As Carolyn Sotka explained during the annual conference of the American Association for the Advancement of Science (AAAS), meeting in San Diego, California, West February 18-22, “Dolphins and humans are both mammals and their diets largely include the same seafood that we eat. Unlike us, however, they are exposed to potential threats to the health of the ocean 24 hours a day. “The similarities between dolphins and humans, he adds, they makethese animals can be considered “ecological and physiological sentinels”to “warn us of health risks” and clarify “how we can benefit our health,” explained the scientist.
For example, one of the works aimed at studying the physiology of these mammals shows evidence that theBottlenose dolphins could become the first natural animal model of type 2 diabetes. Analyzes have revealed that a fasting mechanism in dolphins can trigger a series of changes in serological chemistry that correspond to those seen in humans with diabetes. “The big brains we share that havehigh glucose demandscould explain why two species as different as humans and dolphins have developed similar physiological mechanisms to manage sugar, “explains Stephanie Venn-Watson, director of clinical research at NMMF.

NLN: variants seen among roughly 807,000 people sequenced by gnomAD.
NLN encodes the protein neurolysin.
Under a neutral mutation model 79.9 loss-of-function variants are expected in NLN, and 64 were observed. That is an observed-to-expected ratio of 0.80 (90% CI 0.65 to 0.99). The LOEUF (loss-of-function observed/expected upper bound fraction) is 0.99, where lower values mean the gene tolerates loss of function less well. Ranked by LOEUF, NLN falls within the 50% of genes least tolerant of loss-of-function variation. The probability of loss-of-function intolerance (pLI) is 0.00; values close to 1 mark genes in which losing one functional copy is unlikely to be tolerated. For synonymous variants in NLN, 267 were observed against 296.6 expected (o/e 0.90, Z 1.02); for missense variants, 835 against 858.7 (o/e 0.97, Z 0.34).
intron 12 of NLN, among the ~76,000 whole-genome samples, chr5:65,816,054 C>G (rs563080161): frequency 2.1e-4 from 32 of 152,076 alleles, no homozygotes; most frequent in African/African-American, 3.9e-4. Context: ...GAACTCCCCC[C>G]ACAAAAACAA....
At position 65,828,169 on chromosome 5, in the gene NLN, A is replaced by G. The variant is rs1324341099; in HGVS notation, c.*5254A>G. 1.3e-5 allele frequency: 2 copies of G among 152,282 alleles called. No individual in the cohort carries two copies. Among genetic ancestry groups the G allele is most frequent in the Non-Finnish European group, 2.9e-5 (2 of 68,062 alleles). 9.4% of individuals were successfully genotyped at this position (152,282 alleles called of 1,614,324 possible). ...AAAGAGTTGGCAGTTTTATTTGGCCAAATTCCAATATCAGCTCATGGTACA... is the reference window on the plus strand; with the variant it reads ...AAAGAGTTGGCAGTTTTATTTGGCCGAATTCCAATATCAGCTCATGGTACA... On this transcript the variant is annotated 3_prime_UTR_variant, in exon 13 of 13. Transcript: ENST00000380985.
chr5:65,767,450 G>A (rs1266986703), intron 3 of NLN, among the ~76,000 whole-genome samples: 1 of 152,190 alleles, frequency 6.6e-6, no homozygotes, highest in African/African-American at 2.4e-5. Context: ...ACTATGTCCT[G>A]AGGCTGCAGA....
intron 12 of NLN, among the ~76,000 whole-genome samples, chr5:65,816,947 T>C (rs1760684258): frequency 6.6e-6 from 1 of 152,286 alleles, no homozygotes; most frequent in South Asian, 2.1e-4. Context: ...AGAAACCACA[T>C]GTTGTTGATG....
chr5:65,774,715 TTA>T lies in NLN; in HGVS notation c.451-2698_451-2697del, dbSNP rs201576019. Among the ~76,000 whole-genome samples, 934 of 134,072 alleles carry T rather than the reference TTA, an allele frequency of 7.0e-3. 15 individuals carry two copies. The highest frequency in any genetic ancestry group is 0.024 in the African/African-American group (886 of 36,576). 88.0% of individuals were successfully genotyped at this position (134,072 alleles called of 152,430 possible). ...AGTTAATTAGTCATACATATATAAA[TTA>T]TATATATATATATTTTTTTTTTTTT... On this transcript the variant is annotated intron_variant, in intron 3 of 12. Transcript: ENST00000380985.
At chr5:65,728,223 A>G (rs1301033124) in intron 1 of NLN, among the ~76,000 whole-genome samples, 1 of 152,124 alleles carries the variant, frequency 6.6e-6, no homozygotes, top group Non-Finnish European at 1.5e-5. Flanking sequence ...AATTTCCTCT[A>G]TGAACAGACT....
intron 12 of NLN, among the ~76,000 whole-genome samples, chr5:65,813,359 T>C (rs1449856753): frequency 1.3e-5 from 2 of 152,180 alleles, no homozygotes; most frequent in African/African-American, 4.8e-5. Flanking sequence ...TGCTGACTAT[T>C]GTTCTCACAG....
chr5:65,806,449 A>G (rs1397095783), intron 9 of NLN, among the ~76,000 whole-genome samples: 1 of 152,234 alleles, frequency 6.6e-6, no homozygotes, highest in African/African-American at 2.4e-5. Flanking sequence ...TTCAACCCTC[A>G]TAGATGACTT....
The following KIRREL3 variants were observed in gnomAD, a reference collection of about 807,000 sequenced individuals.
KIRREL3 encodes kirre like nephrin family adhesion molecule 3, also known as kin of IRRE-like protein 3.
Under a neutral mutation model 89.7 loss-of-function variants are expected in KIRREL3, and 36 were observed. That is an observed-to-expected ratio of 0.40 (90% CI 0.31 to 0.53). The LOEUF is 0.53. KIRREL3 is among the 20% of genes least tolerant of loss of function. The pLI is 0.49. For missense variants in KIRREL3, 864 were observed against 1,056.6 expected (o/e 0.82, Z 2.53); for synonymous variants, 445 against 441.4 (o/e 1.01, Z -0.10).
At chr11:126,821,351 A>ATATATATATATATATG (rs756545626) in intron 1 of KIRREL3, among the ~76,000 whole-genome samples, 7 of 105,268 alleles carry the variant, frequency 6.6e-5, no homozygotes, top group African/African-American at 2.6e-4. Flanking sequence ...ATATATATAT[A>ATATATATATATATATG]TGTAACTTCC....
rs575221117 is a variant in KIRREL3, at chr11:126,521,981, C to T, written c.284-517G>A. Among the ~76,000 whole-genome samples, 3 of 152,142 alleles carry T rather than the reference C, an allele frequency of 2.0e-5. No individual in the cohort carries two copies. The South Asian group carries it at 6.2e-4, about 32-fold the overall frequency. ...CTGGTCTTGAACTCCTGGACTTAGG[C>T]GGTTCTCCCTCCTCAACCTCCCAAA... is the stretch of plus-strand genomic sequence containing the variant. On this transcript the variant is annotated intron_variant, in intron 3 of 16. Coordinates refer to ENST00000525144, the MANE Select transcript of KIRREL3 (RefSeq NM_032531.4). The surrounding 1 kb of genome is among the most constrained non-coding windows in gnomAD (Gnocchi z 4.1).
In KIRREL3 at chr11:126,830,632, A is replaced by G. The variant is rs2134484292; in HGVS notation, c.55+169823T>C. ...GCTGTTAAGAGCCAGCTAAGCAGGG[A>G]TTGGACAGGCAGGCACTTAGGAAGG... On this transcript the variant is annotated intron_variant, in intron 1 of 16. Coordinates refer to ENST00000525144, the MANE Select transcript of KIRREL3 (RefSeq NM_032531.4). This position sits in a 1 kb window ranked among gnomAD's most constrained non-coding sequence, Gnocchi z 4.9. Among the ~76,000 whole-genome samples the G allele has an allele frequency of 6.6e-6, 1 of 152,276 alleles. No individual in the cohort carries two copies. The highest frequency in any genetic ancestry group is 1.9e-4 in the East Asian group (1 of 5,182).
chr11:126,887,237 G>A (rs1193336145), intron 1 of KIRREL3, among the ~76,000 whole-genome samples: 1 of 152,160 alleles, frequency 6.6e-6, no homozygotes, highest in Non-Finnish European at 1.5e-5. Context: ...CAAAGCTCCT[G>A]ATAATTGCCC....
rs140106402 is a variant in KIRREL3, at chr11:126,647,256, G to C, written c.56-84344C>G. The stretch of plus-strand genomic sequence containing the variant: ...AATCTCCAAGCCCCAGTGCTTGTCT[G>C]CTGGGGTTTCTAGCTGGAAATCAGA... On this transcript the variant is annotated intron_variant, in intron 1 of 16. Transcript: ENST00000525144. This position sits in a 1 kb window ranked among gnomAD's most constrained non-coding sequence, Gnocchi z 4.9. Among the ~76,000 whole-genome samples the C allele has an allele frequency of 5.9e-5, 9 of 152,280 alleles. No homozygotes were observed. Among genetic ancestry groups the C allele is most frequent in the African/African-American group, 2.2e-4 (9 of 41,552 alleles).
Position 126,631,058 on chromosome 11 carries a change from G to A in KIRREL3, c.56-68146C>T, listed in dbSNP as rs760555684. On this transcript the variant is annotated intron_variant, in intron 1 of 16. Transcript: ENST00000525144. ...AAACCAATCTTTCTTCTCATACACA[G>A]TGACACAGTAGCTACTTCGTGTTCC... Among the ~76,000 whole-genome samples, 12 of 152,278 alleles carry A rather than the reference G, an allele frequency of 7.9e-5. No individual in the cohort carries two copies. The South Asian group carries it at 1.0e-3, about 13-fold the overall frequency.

On the other hand, a study from the University of Florida has discovered at least 50 new viruses in dolphins, most of them present in other species of marine mammals. One such virus is thehuman papilloma, which means that these animals are the first natural model of the virus outside the human species. And since the virus does not cause cervical cancer in cetaceans, as many women do, future analysis of the genome of this virus in dolphins could help to understand and prevent the development of tumors.